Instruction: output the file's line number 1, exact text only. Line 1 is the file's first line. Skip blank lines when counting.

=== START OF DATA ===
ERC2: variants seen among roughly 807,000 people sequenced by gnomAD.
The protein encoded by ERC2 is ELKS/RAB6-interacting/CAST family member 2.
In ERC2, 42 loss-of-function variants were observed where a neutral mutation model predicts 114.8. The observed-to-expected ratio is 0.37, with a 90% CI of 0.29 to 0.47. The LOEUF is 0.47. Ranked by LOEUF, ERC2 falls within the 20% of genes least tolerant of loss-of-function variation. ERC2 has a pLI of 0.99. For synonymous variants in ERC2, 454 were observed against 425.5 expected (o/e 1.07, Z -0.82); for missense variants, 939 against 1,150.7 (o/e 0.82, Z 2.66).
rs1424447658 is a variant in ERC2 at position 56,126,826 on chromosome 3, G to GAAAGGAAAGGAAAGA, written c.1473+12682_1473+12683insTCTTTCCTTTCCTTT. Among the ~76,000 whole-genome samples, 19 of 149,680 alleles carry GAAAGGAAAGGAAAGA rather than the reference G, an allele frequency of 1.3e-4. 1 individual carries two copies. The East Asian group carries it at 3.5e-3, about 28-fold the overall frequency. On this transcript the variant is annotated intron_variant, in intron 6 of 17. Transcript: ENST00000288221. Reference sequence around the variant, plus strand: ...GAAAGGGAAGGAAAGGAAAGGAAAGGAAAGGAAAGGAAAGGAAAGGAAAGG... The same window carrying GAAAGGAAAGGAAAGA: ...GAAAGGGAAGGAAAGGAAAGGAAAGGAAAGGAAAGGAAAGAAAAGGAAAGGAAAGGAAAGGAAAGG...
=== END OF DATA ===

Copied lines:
ERC2: variants seen among roughly 807,000 people sequenced by gnomAD.